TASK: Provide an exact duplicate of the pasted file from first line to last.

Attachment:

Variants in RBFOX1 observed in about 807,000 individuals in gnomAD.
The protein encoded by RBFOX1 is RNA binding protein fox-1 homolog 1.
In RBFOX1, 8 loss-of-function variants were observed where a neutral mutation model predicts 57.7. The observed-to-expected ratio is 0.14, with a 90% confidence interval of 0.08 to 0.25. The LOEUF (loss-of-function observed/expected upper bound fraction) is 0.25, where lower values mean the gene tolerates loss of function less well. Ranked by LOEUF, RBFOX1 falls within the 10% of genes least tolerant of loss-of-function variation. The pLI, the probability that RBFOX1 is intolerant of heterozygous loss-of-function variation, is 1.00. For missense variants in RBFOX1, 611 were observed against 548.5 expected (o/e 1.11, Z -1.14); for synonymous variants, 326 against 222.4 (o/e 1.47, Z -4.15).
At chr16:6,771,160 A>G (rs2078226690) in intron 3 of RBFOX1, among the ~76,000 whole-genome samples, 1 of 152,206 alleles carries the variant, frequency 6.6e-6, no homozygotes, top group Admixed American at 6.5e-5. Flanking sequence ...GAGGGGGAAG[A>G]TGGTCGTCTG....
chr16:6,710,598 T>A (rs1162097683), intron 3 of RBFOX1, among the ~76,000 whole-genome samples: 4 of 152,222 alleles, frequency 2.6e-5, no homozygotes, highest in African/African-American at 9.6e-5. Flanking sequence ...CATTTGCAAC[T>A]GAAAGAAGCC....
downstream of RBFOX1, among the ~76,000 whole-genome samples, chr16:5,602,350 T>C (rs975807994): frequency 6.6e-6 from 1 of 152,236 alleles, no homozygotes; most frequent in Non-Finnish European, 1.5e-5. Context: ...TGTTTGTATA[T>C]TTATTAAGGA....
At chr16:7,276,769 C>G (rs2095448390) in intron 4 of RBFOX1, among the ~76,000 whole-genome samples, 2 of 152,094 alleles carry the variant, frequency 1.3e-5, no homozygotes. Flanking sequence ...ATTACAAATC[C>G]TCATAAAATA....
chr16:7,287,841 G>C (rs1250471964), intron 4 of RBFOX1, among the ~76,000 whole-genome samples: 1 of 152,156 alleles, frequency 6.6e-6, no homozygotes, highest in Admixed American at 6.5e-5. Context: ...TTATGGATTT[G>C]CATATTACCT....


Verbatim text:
Variants in RBFOX1 observed in about 807,000 individuals in gnomAD.
The protein encoded by RBFOX1 is RNA binding protein fox-1 homolog 1.
In RBFOX1, 8 loss-of-function variants were observed where a neutral mutation model predicts 57.7. The observed-to-expected ratio is 0.14, with a 90% confidence interval of 0.08 to 0.25. The LOEUF (loss-of-function observed/expected upper bound fraction) is 0.25, where lower values mean the gene tolerates loss of function less well. Ranked by LOEUF, RBFOX1 falls within the 10% of genes least tolerant of loss-of-function variation. The pLI, the probability that RBFOX1 is intolerant of heterozygous loss-of-function variation, is 1.00. For missense variants in RBFOX1, 611 were observed against 548.5 expected (o/e 1.11, Z -1.14); for synonymous variants, 326 against 222.4 (o/e 1.47, Z -4.15).
At chr16:6,771,160 A>G (rs2078226690) in intron 3 of RBFOX1, among the ~76,000 whole-genome samples, 1 of 152,206 alleles carries the variant, frequency 6.6e-6, no homozygotes, top group Admixed American at 6.5e-5. Flanking sequence ...GAGGGGGAAG[A>G]TGGTCGTCTG....
chr16:6,710,598 T>A (rs1162097683), intron 3 of RBFOX1, among the ~76,000 whole-genome samples: 4 of 152,222 alleles, frequency 2.6e-5, no homozygotes, highest in African/African-American at 9.6e-5. Flanking sequence ...CATTTGCAAC[T>A]GAAAGAAGCC....
downstream of RBFOX1, among the ~76,000 whole-genome samples, chr16:5,602,350 T>C (rs975807994): frequency 6.6e-6 from 1 of 152,236 alleles, no homozygotes; most frequent in Non-Finnish European, 1.5e-5. Context: ...TGTTTGTATA[T>C]TTATTAAGGA....
At chr16:7,276,769 C>G (rs2095448390) in intron 4 of RBFOX1, among the ~76,000 whole-genome samples, 2 of 152,094 alleles carry the variant, frequency 1.3e-5, no homozygotes. Flanking sequence ...ATTACAAATC[C>G]TCATAAAATA....
chr16:7,287,841 G>C (rs1250471964), intron 4 of RBFOX1, among the ~76,000 whole-genome samples: 1 of 152,156 alleles, frequency 6.6e-6, no homozygotes, highest in Admixed American at 6.5e-5. Context: ...TTATGGATTT[G>C]CATATTACCT....